Hays married Nonie Hammond in 1944. Hays is survived by Nonie and their four children: Hays Jr. (Suzanne), Vienna, Va.; DeAnn (Larry) Barrigar, Salt Lake City; Tom (Annette), Germantown, Maryland; and Susan, Salt Lake City; nine grandchildren (Brooke, Erinn, Nonie, Matt, Shannon, Elisabeth, Kerry, Lara, Daniel); and 10 great-grandchildren (Devinn, Will, Rubie, Donovan, Lucie, Ben, Anthony, Nonie, Owen, and Stella). He was preceded in death by his parents; his sister, Mary Louise Harlin; and his granddaughter, Rose; all Salt Lake City. In lieu of flowers, the family suggests contributions to the Scholarship Fund for The Daily Utah Chronicle at the University of Utah.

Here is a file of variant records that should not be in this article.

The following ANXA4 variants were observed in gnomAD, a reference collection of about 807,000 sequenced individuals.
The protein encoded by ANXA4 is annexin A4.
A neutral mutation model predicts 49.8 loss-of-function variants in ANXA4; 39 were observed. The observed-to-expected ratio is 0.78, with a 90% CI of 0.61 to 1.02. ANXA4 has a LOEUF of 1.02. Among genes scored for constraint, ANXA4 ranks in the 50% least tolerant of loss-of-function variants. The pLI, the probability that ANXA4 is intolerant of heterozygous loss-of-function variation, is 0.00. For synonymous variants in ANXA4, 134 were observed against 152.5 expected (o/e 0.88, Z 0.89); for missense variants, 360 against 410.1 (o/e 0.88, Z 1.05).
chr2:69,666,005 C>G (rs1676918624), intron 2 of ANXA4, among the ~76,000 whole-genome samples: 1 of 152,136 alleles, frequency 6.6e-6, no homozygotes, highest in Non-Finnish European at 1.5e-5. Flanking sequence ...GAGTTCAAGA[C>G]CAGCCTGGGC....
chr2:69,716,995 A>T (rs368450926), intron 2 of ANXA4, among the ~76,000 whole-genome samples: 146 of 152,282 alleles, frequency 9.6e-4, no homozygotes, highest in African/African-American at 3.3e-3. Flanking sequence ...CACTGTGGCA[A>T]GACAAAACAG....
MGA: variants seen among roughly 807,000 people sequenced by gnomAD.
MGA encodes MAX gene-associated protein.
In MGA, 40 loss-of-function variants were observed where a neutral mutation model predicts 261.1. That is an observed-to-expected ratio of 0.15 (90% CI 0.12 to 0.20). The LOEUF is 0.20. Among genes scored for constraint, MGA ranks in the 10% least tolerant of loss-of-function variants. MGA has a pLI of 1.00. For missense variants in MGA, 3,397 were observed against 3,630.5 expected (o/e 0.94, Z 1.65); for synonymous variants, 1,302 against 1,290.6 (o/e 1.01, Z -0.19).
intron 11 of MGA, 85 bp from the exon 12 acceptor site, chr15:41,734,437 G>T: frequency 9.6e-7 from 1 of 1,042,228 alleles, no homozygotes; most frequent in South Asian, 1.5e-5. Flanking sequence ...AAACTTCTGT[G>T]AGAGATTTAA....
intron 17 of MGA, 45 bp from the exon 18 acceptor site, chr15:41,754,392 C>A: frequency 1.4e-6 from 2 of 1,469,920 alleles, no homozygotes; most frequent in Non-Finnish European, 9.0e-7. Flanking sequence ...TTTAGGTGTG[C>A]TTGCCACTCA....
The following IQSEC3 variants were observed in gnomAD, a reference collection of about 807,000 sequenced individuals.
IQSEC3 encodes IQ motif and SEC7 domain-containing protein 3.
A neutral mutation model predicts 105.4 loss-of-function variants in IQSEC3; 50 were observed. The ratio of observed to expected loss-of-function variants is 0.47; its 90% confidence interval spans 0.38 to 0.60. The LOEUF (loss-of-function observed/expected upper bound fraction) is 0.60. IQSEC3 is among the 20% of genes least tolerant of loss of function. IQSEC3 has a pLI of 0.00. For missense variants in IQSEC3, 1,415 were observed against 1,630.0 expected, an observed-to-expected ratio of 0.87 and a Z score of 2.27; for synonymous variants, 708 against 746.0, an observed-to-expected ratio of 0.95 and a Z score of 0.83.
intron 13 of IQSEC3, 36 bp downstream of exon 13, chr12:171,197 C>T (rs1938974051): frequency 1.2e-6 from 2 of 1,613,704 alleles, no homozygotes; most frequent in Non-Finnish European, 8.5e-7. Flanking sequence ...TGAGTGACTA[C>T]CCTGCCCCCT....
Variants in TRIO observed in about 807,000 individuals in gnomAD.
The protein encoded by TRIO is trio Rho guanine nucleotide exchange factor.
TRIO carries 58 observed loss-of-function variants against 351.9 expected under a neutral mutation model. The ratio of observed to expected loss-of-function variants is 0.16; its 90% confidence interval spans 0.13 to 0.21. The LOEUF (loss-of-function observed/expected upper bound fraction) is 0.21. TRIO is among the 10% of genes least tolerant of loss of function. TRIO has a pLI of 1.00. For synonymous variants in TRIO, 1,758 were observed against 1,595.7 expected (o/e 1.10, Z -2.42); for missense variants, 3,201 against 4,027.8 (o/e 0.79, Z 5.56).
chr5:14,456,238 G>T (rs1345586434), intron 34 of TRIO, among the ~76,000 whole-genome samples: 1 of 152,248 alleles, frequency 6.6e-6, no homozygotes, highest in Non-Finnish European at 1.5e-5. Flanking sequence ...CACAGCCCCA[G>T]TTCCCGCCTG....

Edited from the notice published in The Salt Lake Tribune from April 7 to April 8, 2011.
Anne Riordan BS’56, a pioneer in dance and creative movement for individuals with physical and mental disabilities, died January 22. She was 76.